Dry Wells for Stormwater Management: An Evolving Viewpoint

Return to AWR Spring 2015

By Chuck Graf, Senior Hydrologist, Arizona Department of Environmental Quality

Dry wells are bored holes designed to dispose of stormwater into the subsurface. Dry wells first appeared for stormwater control in the 1930s in then-tiny Phoenix. In the early 1970s, local governments in the Phoenix metropolitan area started requiring onsite retention of stormwater to reduce peak flooding, typically requiring that no ponded water remain after 36 hours. The new ordinances led to rapid expansion of dry well use to drain away stormwater. Now, more than 50,000 dry wells have been drilled in the greater Phoenix area. However, this unconventional onsite stormwater management approach has not caught on elsewhere in Arizona—less than four percent of installed dry wells are located outside of the greater Phoenix area. This may change, though, as stormwater is increasingly viewed as an underutilized resource and dry wells are seen as a means for aquifer recharge rather than simply a stormwater runoff control tool.

Until 1987, no legal framework existed in Arizona for the regulation of dry wells, even though thousands were then in use. In 1987, legislation directed the Arizona Department of Environmental Quality (ADEQ) to license dry well installers and establish a registration program for existing and newly constructed dry wells. The law expressly limited the use of dry wells to the disposal of stormwater. This limitation was intended to prevent disposal of hazardous chemicals into dry wells, which in the past had caused severe groundwater contamination plumes (some of which are still under remediation).

Formal regulation in 1987 effectively sanctioned the use of dry wells and spurred their construction (see figure). By the end of 2014, ADEQ had registered 51,507 dry wells. Dry wells are used for stormwater control and disposal at virtually every new apartment, hotel, office, and commercial complex developed in the greater Phoenix area in the last three decades, and for subdivision and park drainage as well.

The early dry wells in Phoenix were simple dug or drilled holes filled with rocks. Burgeoning dry well use after 1987 prompted design improvements, which allowed solids to settle out and reduced floating material that had clogged earlier designs. Newer dry well designs continue to enhance removal of sediment and floating material, thereby delivering cleaner water to the injection zone. This improves injection performance and extends dry well lifetimes.

The dry well borehole is drilled in alluvial sediments, through any intervening fine-grained and cemented zones, into a permeable layer of clay-free sand, gravel, and cobbles. The permeable layer serves as the injection zone for the stormwater. ADEQ requires at least 10 feet of separation between the bottom of the injection zone and the water table. Because groundwater commonly occurs at great depth in Arizona’s alluvial basins, installers often have considerable leeway to find an exceptionally permeable zone above the water table that maximizes dry well performance while maintaining a much greater separation distance than the 10-foot minimum.

Chandler is an example of a rapidly growing Arizona city where dry wells are intensively used for stormwater management. A 2005 study examined the groundwater recharge impact of the dry wells. The study found that 3,763 dry wells were installed within city boundaries, draining 1,400 acres of stormwater retention basins. The study pegged natural, pre-development recharge at 191 acre-feet of water per year (af/yr). Post-development recharge through the dry wells was estimated at 2,100-3,100 af/yr in an average rain year. Dry year and wet year recharge was estimated at 770 af/yr and 8,700 af/yr, respectively. Clearly, dry wells are a significant, if not the primary, source of groundwater recharge within Phoenix-area cities relying on them for stormwater management.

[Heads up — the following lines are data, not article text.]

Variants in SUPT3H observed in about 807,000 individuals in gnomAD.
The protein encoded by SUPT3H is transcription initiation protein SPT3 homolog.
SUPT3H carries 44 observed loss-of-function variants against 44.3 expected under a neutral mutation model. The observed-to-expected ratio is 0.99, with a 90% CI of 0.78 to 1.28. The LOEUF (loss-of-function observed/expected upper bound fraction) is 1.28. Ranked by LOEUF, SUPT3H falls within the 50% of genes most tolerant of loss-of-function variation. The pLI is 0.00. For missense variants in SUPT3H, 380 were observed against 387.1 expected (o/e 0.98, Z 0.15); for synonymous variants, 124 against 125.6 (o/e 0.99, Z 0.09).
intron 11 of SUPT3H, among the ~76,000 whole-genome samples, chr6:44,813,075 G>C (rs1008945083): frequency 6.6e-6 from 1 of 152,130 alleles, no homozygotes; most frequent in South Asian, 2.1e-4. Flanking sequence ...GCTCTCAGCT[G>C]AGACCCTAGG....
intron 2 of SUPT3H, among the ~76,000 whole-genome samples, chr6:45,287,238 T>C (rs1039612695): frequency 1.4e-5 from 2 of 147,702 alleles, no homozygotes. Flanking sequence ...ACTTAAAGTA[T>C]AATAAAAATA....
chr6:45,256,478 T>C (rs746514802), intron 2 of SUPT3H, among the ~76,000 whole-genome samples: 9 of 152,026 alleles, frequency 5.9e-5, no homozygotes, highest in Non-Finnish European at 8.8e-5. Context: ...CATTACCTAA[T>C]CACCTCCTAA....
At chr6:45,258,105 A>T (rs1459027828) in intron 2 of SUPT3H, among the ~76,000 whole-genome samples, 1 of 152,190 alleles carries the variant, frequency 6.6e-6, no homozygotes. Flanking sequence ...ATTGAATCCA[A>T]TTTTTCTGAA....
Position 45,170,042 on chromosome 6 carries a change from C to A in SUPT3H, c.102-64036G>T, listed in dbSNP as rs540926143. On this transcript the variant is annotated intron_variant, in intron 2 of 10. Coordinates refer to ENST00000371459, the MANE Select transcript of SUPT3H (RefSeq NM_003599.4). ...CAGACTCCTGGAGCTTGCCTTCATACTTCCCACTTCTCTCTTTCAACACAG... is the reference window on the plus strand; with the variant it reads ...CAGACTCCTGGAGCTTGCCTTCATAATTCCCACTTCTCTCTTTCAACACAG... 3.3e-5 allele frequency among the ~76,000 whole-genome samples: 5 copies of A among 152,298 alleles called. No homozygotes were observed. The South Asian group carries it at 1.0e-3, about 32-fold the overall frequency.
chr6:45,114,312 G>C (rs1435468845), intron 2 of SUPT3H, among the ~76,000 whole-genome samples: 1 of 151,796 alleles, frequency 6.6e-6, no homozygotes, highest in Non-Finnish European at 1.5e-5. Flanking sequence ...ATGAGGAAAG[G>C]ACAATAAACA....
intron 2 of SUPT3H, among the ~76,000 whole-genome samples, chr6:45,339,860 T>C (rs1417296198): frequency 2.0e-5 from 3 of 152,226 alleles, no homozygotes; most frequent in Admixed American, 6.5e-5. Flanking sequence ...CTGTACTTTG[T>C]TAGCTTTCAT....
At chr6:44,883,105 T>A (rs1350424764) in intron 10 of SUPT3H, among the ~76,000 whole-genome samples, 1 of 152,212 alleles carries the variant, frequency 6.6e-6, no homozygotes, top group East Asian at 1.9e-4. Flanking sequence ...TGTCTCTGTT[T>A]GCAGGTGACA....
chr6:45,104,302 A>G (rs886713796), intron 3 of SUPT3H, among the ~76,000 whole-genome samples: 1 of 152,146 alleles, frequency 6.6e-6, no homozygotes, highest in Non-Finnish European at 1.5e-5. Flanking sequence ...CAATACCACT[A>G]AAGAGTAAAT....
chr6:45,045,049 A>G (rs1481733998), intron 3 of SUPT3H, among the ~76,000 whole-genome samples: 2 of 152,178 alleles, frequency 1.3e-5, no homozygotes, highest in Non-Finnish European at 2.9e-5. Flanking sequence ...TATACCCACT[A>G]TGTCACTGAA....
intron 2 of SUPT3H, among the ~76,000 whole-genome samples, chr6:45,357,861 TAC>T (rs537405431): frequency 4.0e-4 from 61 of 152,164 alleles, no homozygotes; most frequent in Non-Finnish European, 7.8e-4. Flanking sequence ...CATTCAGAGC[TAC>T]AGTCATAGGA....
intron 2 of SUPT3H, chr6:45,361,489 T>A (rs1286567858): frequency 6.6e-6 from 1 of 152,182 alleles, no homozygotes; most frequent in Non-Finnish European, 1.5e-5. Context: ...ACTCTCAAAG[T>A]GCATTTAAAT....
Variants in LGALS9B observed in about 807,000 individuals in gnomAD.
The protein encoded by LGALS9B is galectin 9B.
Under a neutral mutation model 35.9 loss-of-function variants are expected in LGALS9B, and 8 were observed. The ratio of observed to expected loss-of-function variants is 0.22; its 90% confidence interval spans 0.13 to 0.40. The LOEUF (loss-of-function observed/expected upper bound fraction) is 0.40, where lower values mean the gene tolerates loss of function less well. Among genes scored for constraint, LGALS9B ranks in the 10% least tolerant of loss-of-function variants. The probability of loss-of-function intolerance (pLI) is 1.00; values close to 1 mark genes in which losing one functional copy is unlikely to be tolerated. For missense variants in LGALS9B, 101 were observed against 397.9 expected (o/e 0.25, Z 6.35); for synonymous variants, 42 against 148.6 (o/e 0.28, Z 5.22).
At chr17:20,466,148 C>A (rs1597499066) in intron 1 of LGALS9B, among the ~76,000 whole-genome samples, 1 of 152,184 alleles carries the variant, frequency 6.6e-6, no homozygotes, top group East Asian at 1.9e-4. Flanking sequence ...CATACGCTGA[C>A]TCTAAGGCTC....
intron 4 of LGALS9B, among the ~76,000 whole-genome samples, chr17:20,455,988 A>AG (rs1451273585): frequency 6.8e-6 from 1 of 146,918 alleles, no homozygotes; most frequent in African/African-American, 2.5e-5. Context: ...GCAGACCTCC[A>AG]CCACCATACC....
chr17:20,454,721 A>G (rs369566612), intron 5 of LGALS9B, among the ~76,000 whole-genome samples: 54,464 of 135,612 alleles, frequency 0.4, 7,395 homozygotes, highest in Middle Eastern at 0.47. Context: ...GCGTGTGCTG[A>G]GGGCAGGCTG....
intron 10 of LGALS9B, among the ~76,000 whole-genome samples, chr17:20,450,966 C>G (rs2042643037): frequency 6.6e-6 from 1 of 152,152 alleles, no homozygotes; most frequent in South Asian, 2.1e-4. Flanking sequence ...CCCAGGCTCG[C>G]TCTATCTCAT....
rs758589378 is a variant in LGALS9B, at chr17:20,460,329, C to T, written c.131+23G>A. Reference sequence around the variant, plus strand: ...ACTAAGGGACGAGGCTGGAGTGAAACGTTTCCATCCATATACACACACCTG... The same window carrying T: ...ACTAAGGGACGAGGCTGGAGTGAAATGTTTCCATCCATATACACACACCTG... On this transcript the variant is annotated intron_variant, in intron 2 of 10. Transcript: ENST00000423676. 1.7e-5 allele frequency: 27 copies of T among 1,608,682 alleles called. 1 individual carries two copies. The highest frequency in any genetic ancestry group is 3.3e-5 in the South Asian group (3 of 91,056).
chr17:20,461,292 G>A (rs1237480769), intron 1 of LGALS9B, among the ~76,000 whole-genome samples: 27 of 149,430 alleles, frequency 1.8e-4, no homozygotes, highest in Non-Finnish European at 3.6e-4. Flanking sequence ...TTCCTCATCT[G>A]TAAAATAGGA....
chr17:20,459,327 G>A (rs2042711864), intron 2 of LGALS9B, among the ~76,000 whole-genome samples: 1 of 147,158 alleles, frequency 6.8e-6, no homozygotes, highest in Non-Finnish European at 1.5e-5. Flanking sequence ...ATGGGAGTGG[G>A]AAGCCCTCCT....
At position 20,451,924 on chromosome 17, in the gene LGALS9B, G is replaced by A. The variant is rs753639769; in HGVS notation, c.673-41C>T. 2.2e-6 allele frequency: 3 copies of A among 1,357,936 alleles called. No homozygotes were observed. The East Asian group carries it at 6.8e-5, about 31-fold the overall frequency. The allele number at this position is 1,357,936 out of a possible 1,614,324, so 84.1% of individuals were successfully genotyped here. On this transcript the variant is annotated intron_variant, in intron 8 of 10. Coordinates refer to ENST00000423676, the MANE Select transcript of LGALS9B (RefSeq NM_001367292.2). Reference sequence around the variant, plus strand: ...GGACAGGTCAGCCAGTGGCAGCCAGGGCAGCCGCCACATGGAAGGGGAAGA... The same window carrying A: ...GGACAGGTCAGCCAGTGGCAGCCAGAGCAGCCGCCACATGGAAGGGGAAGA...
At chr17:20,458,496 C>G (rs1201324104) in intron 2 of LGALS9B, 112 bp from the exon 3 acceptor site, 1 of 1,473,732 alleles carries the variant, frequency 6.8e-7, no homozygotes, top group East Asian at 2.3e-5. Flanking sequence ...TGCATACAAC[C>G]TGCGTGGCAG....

Although still not common, drywells are increasingly being used for stormwater management in communities in other states, notably in Washington and Oregon, but also in California. Perhaps most interestingly, in the Los Angeles area they are starting to be used in an integrated way—as much for groundwater recharge as for runoff control.

Potential adverse groundwater quality impact is the biggest concern about dry wells. Although the definitive water quality study probably remains to be done, a number of studies, including a 10-year study in Los Angeles conducted by the Bureau of Reclamation and others, found little evidence for groundwater contamination. A 1985 study in Phoenix found that dry wells had a beneficial effect on groundwater quality with respect to major chemical constituents. This finding is not too surprising considering the notoriously poor quality of shallow groundwater in many areas due to urban and former agricultural influences. In the Phoenix study, the total dissolved solids (TDS) in stormwater entering the dry well averaged about one-eighth of the native groundwater sampled from a monitor well. (Native groundwater TDS was almost 1,400 milligrams per liter).

Further research is needed, of course, to better characterize water quality impacts. Improved dry well designs and development of new pollution control strategies and technologies are always beneficial. Operation and maintenance best practices need to be optimized and documented, as lack of maintenance is the main cause of dry well performance decline and failure. Continued use of dry wells is a certainty. Care and vigilance in properly locating, designing, and maintaining dry wells will remain key to protecting groundwater quality as dry wells evolve from their traditional use to dispose of stormwater to their employment to recharge urban aquifers.